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This year the world stood to attention when thousands of young people went on strike for the planet. Inspired by Greta Thunberg’s personal protest over 2000 events were initiated in over 125 countries across the world, with hundreds of thousands of young people marching to make some noise about climate change.
 
We spoke to Katie Riley, the 16 year old student responsible for organising the Youth Strike in Birmingham that attracted almost 1000 young people.

  1. What first inspired you to take action against climate change?

I think it was when I first realised how much it not only affected other countries but also how it would affect me, and those around me. I began researching about the topic because what the curriculum at school teaches you is vague and hard to understand. It was once I began researching that I found out how dangerous climate change actually was (much more than I ever initially thought) and it terrified me how little the government was doing about it.


  1. What motivated you to organise the Youth Strike against climate change in your city?

The lack of concern from the Government was the main motivation for striking. We as young people don’t have a lot of say in politics, so it’s so important to use our voices to tell our council what we want and show how important it is to our generation. Birmingham, as a city, is one of the main contributors to climate change in the UK and it is imperative that we try to make a change before it’s too late. The wellbeing of my generation and the next is at threat, and it’s so important that we address problems now before our time runs out.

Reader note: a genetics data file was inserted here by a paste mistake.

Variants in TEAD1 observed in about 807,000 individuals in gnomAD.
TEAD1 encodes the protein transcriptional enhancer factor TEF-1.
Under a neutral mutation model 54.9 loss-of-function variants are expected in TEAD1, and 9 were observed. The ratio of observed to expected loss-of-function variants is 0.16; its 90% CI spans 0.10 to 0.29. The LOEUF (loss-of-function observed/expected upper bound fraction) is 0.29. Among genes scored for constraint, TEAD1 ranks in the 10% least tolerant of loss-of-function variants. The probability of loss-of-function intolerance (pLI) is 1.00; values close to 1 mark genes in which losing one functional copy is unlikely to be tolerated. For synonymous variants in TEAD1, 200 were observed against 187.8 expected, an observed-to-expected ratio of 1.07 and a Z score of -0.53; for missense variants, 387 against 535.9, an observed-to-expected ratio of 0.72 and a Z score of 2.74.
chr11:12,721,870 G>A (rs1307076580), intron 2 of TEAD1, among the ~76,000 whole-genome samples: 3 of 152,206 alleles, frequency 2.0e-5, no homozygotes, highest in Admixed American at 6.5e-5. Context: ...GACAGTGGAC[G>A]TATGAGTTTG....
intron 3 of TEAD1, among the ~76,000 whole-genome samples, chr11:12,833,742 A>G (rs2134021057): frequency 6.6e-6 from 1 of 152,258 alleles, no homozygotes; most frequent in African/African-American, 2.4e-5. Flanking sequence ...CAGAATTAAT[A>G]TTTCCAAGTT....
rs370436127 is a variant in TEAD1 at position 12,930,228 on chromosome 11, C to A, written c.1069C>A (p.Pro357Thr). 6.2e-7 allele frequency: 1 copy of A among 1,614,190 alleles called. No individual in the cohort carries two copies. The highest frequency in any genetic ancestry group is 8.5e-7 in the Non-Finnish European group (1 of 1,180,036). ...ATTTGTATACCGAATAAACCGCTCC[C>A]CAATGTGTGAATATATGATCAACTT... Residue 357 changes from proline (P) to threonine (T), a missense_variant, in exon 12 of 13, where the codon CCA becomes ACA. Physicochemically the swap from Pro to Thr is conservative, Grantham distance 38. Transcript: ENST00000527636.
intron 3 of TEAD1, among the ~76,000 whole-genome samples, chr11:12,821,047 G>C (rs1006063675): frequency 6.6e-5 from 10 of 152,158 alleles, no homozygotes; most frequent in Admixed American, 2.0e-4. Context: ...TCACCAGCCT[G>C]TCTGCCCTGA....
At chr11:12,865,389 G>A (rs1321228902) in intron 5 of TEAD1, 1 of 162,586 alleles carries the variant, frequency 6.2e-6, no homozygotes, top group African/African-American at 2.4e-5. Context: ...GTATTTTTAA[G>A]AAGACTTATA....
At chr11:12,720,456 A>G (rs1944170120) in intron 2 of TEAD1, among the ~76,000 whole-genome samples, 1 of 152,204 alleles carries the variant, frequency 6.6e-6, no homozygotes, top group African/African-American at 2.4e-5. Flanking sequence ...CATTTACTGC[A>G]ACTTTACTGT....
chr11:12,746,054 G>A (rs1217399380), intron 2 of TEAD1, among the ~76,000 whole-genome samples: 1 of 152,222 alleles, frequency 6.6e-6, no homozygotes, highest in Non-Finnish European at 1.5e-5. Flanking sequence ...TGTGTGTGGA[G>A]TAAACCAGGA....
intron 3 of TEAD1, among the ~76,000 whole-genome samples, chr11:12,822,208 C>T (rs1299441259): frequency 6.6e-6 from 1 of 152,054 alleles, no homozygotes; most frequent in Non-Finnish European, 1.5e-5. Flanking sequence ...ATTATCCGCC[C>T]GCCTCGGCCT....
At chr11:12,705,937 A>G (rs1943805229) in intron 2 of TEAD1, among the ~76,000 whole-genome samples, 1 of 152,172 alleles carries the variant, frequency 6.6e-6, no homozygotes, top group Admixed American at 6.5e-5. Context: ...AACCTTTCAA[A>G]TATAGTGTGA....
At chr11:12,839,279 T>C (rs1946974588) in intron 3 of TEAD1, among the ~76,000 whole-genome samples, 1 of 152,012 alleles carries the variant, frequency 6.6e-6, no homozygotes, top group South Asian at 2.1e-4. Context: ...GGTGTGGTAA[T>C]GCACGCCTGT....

Photos taken during the Youth Climate Strikes in Birmingham

 

  1. What's your most memorable moment from the day?

My most memorable moment was shouting through the town center. It was really empowering to see the event come together as we were marching and creating noise and attention. Seeing students from all parts of Birmingham shouting about democracy and the need for change was amazing. The amount of support we had whilst walking and the determination on people’s faces was definitely very memorable.


  1. Finally, what would you say, or what would your advice be to other young people wanting to make a difference against climate change?

My advice is to contact your local councillors to show your support and your support for the movement.  It shows that a large amount of people care, which will inevitably make the councillors consider changing. I also recommend doing small changes in your lifestyle like becoming vegetarian, making your recycling more precise and getting more involved in your local area.

  

Whether you’re a student or not you can get involved in upcoming protest in your local area or ones on a national scale, check out what extinction rebellion are up to stay up to date on any protests coming up. The youth strikes were an amazing reminder that whatever your age you can use your voice to speak out against climate injustice and demand actions from those in charge. To Katie and everyone involved in organising a Youth strikes protest in their area, well done and thank you for using your voice as a positive influence for change!

 

 

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